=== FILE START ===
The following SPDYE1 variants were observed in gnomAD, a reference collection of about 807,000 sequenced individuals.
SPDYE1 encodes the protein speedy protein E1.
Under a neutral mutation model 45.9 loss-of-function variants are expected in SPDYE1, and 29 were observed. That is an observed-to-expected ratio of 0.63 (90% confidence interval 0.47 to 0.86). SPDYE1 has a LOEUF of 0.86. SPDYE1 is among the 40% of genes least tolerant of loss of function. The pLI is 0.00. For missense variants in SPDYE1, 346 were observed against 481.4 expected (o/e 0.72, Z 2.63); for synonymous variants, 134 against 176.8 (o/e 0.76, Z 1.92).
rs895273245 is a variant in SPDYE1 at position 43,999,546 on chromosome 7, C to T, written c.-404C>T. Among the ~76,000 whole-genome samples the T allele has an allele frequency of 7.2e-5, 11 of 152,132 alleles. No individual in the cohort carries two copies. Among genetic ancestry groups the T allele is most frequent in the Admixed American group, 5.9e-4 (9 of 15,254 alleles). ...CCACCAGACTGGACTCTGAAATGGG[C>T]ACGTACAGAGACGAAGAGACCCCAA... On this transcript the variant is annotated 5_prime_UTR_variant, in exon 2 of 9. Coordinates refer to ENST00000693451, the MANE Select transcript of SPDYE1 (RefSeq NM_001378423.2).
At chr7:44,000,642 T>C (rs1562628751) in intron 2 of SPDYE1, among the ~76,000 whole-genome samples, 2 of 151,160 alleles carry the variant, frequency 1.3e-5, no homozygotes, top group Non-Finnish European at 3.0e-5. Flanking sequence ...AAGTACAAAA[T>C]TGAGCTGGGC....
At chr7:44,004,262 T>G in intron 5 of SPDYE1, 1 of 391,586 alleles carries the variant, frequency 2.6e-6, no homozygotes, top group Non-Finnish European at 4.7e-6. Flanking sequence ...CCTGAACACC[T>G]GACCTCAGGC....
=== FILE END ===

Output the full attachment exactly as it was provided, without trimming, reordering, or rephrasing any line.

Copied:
The following SPDYE1 variants were observed in gnomAD, a reference collection of about 807,000 sequenced individuals.
SPDYE1 encodes the protein speedy protein E1.
Under a neutral mutation model 45.9 loss-of-function variants are expected in SPDYE1, and 29 were observed. That is an observed-to-expected ratio of 0.63 (90% confidence interval 0.47 to 0.86). SPDYE1 has a LOEUF of 0.86. SPDYE1 is among the 40% of genes least tolerant of loss of function. The pLI is 0.00. For missense variants in SPDYE1, 346 were observed against 481.4 expected (o/e 0.72, Z 2.63); for synonymous variants, 134 against 176.8 (o/e 0.76, Z 1.92).
rs895273245 is a variant in SPDYE1 at position 43,999,546 on chromosome 7, C to T, written c.-404C>T. Among the ~76,000 whole-genome samples the T allele has an allele frequency of 7.2e-5, 11 of 152,132 alleles. No individual in the cohort carries two copies. Among genetic ancestry groups the T allele is most frequent in the Admixed American group, 5.9e-4 (9 of 15,254 alleles). ...CCACCAGACTGGACTCTGAAATGGG[C>T]ACGTACAGAGACGAAGAGACCCCAA... On this transcript the variant is annotated 5_prime_UTR_variant, in exon 2 of 9. Coordinates refer to ENST00000693451, the MANE Select transcript of SPDYE1 (RefSeq NM_001378423.2).
At chr7:44,000,642 T>C (rs1562628751) in intron 2 of SPDYE1, among the ~76,000 whole-genome samples, 2 of 151,160 alleles carry the variant, frequency 1.3e-5, no homozygotes, top group Non-Finnish European at 3.0e-5. Flanking sequence ...AAGTACAAAA[T>C]TGAGCTGGGC....
At chr7:44,004,262 T>G in intron 5 of SPDYE1, 1 of 391,586 alleles carries the variant, frequency 2.6e-6, no homozygotes, top group Non-Finnish European at 4.7e-6. Flanking sequence ...CCTGAACACC[T>G]GACCTCAGGC....